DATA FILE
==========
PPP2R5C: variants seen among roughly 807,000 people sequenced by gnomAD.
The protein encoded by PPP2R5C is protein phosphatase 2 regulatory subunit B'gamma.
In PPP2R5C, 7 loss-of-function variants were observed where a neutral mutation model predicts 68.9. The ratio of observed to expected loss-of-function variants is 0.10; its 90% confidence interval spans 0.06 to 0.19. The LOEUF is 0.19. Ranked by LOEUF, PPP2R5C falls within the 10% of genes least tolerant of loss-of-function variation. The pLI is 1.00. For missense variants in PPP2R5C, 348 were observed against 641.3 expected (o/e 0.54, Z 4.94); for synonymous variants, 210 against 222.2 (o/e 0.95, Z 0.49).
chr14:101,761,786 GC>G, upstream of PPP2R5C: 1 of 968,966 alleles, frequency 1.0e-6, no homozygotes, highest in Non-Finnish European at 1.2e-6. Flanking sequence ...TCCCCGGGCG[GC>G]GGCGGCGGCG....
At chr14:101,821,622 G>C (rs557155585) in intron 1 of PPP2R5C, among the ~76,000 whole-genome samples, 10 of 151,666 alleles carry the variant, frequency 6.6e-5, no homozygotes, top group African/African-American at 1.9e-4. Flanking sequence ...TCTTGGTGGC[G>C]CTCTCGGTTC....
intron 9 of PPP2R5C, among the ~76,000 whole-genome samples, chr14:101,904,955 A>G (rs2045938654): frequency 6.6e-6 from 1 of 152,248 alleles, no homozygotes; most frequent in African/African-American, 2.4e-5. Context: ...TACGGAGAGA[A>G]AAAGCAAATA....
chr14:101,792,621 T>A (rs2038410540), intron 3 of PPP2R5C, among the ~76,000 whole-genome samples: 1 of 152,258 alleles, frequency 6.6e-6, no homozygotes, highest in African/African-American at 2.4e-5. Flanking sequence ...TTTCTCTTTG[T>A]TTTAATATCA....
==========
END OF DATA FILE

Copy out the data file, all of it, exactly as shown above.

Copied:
PPP2R5C: variants seen among roughly 807,000 people sequenced by gnomAD.
The protein encoded by PPP2R5C is protein phosphatase 2 regulatory subunit B'gamma.
In PPP2R5C, 7 loss-of-function variants were observed where a neutral mutation model predicts 68.9. The ratio of observed to expected loss-of-function variants is 0.10; its 90% confidence interval spans 0.06 to 0.19. The LOEUF is 0.19. Ranked by LOEUF, PPP2R5C falls within the 10% of genes least tolerant of loss-of-function variation. The pLI is 1.00. For missense variants in PPP2R5C, 348 were observed against 641.3 expected (o/e 0.54, Z 4.94); for synonymous variants, 210 against 222.2 (o/e 0.95, Z 0.49).
chr14:101,761,786 GC>G, upstream of PPP2R5C: 1 of 968,966 alleles, frequency 1.0e-6, no homozygotes, highest in Non-Finnish European at 1.2e-6. Flanking sequence ...TCCCCGGGCG[GC>G]GGCGGCGGCG....
At chr14:101,821,622 G>C (rs557155585) in intron 1 of PPP2R5C, among the ~76,000 whole-genome samples, 10 of 151,666 alleles carry the variant, frequency 6.6e-5, no homozygotes, top group African/African-American at 1.9e-4. Flanking sequence ...TCTTGGTGGC[G>C]CTCTCGGTTC....
intron 9 of PPP2R5C, among the ~76,000 whole-genome samples, chr14:101,904,955 A>G (rs2045938654): frequency 6.6e-6 from 1 of 152,248 alleles, no homozygotes; most frequent in African/African-American, 2.4e-5. Context: ...TACGGAGAGA[A>G]AAAGCAAATA....
chr14:101,792,621 T>A (rs2038410540), intron 3 of PPP2R5C, among the ~76,000 whole-genome samples: 1 of 152,258 alleles, frequency 6.6e-6, no homozygotes, highest in African/African-American at 2.4e-5. Flanking sequence ...TTTCTCTTTG[T>A]TTTAATATCA....